(Here’s hoping I don’t get myself into too much trouble with this one, because it isn’t really my term to own or define. I’m going to attribute and refer heavily, but first, to business:)
Here are two definitions of Circlesinging which amount to the same thing: it is a community-singing practice that emphasizes the music-of-the-moment; and, it is a music-invention method that makes use of a chorus for help. Whether you experience it as more the former or the latter may depend on your vantage point.
From the perspective of a choral singer, it compares to other community-singing practices you may be familiar with. Maybe you’ve gathered with friends and a copy of the Rise Up Singing songbook; maybe you know some chants that you sing with your circle of friends; maybe you sing in your church choir or a community chorus; maybe you’ve been to a singalong where a leader taught old songs from one tradition or another. It’s like that, with one difference: the leader(s) creates the parts on-the-spot, giving you parts to sing that are unique to the time, place, and people-in-attendance.
Put yourself in the shoes of the circlesong leader and you may see that on some level it’s about the act of creating music. Music, some would say, is always here, and always now. When a circlesong leader is making up stuff to sing, s/he is finding the right music to make for that moment: for what has happened to him/her that day, week, or year, and how s/he feels about all that; for who is in the room at the moment, and his/her knowledge of what each participant can contribute; even for the incidental sounds and random accidents that occur during the in-the-moment composing. The leader’s job is to turn all of that into song, and to sing that song with you, his/her friends.
The positive effects of the music-of-the-moment
The next time you gather with friends to sing, why might you want to spend some-or-all of that time circlesinging?
I don’t want to make a case against singing from sheet music or a songbook, or passing ancient chants or songs along by an oral tradition. These practices also have great value, and when we discuss those topics I’ll happily rave about their benefits. Here, I’m focusing on circlesinging.
First, an interesting thing tends to happen when you sing a part from memory that you’ve just heard for the first time. Singers report that it is easier to pay attention to the sounds they are making in the space they’re in, and how those sounds interact with the sounds that others are making.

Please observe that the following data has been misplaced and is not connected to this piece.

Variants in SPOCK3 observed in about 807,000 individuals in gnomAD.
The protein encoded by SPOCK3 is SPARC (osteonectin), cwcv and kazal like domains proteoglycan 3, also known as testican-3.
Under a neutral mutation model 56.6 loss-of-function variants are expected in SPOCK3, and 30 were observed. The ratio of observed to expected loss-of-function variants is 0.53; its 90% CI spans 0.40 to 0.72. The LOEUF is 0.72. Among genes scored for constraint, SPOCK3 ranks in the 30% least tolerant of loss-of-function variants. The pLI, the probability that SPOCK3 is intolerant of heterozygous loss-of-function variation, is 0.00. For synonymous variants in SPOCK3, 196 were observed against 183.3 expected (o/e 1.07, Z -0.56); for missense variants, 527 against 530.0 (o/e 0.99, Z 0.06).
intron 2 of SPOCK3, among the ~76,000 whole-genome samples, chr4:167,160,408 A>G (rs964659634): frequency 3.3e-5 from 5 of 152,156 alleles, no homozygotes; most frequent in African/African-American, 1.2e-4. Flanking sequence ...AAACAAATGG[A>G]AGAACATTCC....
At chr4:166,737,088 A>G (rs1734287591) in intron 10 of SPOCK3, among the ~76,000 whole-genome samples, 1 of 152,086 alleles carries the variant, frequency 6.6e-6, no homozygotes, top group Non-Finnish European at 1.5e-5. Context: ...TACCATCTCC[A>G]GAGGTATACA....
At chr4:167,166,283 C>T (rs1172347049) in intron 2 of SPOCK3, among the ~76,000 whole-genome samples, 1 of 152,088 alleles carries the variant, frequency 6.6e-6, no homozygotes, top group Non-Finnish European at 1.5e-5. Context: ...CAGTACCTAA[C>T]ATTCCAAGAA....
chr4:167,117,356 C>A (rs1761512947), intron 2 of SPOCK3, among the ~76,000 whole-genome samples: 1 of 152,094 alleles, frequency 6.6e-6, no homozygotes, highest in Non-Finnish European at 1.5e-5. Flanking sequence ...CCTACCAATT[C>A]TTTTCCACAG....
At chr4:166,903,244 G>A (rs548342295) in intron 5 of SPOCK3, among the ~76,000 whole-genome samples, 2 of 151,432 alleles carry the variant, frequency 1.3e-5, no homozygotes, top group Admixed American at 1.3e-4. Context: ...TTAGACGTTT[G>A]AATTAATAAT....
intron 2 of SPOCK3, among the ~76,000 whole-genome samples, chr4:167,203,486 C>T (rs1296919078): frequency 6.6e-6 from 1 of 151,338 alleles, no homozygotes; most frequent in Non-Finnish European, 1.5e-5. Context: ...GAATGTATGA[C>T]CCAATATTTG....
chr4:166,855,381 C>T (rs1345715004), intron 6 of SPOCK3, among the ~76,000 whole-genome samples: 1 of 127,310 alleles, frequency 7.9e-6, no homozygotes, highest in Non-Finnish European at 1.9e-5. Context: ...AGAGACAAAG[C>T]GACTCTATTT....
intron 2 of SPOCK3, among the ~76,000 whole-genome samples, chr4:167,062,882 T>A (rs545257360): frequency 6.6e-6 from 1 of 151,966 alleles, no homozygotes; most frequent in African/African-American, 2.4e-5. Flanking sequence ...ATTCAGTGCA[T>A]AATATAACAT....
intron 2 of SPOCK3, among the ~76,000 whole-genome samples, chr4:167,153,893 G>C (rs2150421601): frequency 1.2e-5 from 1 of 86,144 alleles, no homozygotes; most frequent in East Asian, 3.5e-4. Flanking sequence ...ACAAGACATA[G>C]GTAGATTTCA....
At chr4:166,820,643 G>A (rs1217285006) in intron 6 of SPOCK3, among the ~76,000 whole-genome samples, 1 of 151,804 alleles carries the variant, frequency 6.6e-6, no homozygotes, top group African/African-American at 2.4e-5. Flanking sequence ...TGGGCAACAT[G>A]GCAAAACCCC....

Perhaps it’s that when your attention isn’t drawn to a piece of paper full of words and musical symbols, and when it isn’t drawn inwards to your memories of (and associations with) a song you know, there’s less to compete for your attention. You might more easily be able to put that attention on the part you are playing in making music, and on the other people with whom you’re singing. And that’s a pretty cool thing to experience, and a valuable experience to bring to your other music-making activities.
And we’ve noticed another effect that’s perhaps a corollary to this: people report a greater sense of connection with one another after a session of circlesinging. I believe it has something to do with this tendency it has to help us pay attention to one another.
Next, there’s something special about taking part in a piece of music that never existed before, and was created for just this moment. In fact, that’s even one definition of the word ‘special’: “designed for a particular purpose or occasion.” When you’re a one of a group of people circlesinging, you’re taking part in a unique performance of a unique piece of music that can only happen in precisely the way it does because you’re there—and it will never happen again.
If you’ve done circlesinging before, and you’ve experienced benefits other than these, tell me about them in the comments.
Origins of this practice
Some would say (and they can’t really be called wrong) that the practice of circlesinging is as old as humanity. What is it about gathering in a circle and following along with what a leader makes up that could truly be called “new”?!?But many attribute the renaissance of this practice to Bobby McFerrin. There may have been other leaders who were experimenting with this form at about the same time, but Bobby helped raise it as an art and increase its visibility. (I think he’d prefer “Bobby” to “Robert McFerrin, Jr” or just “McFerrin”.)
Early in his career, Bobby developed his vocal technique to the point where he could perform unaccompanied, using only his own vocal arpeggios and large-interval leaps to flesh out his musical ideas. But at some point he decided recruit singers for a group he dubbed “Voicestra.” They appear on two tracks of his 1990 album “Medicine Music,” are recorded in the act on the 19th of July, 1997 episode of “Sessions at West 54th,” and are featured on the 1997 album “Circle Songs.”
Several members of that ensemble, perhaps most notably Rhiannon (her website, and also WeBe3), Joey Blake (his website), and Dave Worm (Sovoso, Glass House), kept the tradition going and developed other techniques for improvised choral singing. Together with Bobby, Voicestra alumnus Judi Donaghy Vinar (her page), and Christiane Karam (her website), they make up the faculty of a week-long workshop called Circlesongs, held every year or so.
Today, if you live near a major metropolitan area, you can probably find a group that regularly meets to do some community-singing inspired in part by Circlesinging. I’m not yet aware of a centralized list of such groups, so you may have to do some digging. As people respond to this post, I’ll be happy to list them here!